With all the mods aside, the learning curve for this game is moderately difficult, but unfolds quite naturally. Even as I randomly traversed the game, following my every whim while blatantly ignoring the main quest, I found myself slowly learning the system of the game. Items such as soul gems, of which I had no initial use of, has a much clearer purpose with the discovery of a Staff of Souls (soul trap) and the exhaustion of magical charges on weapons. Even the crafting system becomes comprehensive over time, and I normally skip crafting. The real difficulty for me seems to be keeping on top of the primary quests. I’ll have to play more to find out.

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Hey Guys! Sorry for the lack of an update. Skyrim is a really hard game to pin down, especially since I didn’t finish it yet. I’m wondering if I should I continue the game or not since I’m no where near the end but I have 50 hours invested in the game. Skyrim seems so huge that I could be missing out on some games. Speaking of which, let’s get that out of the way now.

Completion:

  • None (Sadness)

Acquired:

  • The Age of Decadence – Full price! (><)
  • ZOMBI – On Sale for less than 10 bucks

Surprisingly enough, I skipped out on Invisible Inc. which means I totally fucked up somewhere this month. I did manage to play other games outside of Skyrim such as Superhot (Thanks PezTheReaper) and The Age of Decadence (Thanks for the tip CaptainTaco) I’ll probably still be playing Skyrim, and I’ll try to stick to the story this time to get better impressions. Some day soon, when I’m not bombarded with work, I can play more Alien Isolation for everyone.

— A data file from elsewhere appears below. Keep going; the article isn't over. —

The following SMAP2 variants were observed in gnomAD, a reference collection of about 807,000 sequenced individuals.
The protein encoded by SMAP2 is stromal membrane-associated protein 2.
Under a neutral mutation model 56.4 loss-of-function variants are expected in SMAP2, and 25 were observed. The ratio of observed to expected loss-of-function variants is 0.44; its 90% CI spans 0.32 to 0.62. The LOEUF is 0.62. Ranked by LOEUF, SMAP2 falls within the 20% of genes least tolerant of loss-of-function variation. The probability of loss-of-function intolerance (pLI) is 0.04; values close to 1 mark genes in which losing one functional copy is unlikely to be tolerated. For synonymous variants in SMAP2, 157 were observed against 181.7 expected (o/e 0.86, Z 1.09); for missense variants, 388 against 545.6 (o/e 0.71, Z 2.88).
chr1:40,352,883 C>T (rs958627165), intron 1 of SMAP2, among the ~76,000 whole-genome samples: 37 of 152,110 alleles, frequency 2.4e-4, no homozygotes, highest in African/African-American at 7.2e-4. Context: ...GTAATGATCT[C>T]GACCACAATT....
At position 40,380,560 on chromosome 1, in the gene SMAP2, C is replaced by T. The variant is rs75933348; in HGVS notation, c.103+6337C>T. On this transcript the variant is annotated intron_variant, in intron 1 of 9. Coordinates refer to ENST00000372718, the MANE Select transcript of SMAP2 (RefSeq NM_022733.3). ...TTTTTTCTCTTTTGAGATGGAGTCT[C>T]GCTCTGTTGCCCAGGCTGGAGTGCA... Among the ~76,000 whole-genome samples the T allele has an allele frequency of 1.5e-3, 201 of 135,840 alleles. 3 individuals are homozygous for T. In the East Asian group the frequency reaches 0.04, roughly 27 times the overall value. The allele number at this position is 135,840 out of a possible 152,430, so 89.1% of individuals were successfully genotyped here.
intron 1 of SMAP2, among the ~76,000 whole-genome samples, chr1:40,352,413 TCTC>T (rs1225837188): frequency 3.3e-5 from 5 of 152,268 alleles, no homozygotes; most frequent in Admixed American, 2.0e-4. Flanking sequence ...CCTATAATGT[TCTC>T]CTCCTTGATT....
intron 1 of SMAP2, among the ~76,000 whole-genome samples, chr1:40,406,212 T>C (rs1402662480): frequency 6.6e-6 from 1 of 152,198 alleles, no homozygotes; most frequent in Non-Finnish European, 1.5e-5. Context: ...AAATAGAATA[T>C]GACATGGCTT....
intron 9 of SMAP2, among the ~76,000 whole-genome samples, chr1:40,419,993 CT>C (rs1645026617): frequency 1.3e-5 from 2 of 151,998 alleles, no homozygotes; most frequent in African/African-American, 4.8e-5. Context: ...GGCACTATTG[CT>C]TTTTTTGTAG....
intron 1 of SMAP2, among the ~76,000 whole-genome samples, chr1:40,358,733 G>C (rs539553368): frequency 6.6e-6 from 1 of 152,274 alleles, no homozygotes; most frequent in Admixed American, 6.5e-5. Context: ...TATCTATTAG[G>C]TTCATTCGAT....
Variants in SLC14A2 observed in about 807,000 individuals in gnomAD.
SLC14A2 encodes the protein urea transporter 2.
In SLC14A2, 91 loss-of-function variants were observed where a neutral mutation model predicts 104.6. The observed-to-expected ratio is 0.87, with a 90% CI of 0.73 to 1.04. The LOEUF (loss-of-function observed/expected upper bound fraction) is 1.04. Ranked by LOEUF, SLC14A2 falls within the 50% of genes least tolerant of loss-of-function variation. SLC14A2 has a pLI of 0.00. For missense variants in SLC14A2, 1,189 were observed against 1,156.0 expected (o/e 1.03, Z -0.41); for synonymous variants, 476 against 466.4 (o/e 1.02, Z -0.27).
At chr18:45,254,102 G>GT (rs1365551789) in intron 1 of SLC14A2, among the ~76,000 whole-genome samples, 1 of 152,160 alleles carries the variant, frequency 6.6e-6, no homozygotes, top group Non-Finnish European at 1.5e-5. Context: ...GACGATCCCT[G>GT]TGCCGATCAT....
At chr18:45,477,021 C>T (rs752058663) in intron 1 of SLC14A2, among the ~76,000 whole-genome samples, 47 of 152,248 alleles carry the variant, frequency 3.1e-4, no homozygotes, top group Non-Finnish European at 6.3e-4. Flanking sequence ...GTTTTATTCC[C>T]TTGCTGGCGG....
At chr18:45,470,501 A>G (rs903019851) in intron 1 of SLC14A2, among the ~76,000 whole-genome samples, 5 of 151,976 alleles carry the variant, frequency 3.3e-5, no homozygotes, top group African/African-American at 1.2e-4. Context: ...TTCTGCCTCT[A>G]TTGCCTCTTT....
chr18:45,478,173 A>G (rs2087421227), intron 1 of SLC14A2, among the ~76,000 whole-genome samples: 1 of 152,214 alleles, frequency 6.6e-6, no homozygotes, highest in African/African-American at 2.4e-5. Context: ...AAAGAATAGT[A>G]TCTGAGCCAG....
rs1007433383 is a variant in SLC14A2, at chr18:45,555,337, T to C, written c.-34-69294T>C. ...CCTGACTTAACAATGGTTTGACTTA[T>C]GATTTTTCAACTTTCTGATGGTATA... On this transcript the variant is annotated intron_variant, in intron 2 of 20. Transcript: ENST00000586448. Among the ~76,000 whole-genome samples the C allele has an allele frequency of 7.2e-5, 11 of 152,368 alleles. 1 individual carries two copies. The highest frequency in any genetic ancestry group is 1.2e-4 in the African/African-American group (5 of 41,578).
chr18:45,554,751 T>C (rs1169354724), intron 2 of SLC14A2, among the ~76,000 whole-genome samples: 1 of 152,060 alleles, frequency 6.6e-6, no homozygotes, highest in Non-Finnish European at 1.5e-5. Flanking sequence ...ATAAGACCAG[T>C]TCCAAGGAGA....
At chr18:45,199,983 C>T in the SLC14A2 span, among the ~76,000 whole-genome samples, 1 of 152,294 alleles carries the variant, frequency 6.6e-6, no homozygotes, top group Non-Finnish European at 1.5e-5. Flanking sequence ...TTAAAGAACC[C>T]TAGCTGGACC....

I’ll leave you with this rant I went on about in a Slack chat at work. It’s about The Age of Decadence:

“I guess just so I can get my thoughts more organized, I can go into some impressions since this is the kind of game that should be written about. Everything about this game sucks.

I’ll state that right now

Camera is bad, graphics are kind of boring, no impressive sound, walls of text. archaic menu structures. Everything (about the game) boils down to bare-bones functionality. On paper, this game is TERRIBLE. 

But as most particle physicists agree, it’s possible to be greater than the sum of it’s parts, and this game some how manages to be that. At least for me, the beauty of the game is what would eventually be the breaking point for most video game players, which is the sheer difficulty in mastering its systems. Specifically, understanding how vulnerable the player is in combat.

The other bright point for me is the use of non-combat character traits. I’m the kind of a guy that makes a player in Fallout and puts all the points in luck till luck maxes out just to see how the game would handle me.

Often times, the roleplaying aspect of traits in RPGs are an after thought, but this game seems to really dig in and give players more opportunities to use them.  That makes me not feel bad allocating a point or two in trading since it could come in handy one day.

Right now, Age of Decadance is like a durian fruit. It looks inedible, even more so when crack it open, but after you brave through the stench of death the fruit is known to famously have and eat a few pieces, you realize that the fruit is actually pretty damned good. You can tell other people that it’s great, but only a few would actually come near you to try it out. Most will run at the first whiff of it.”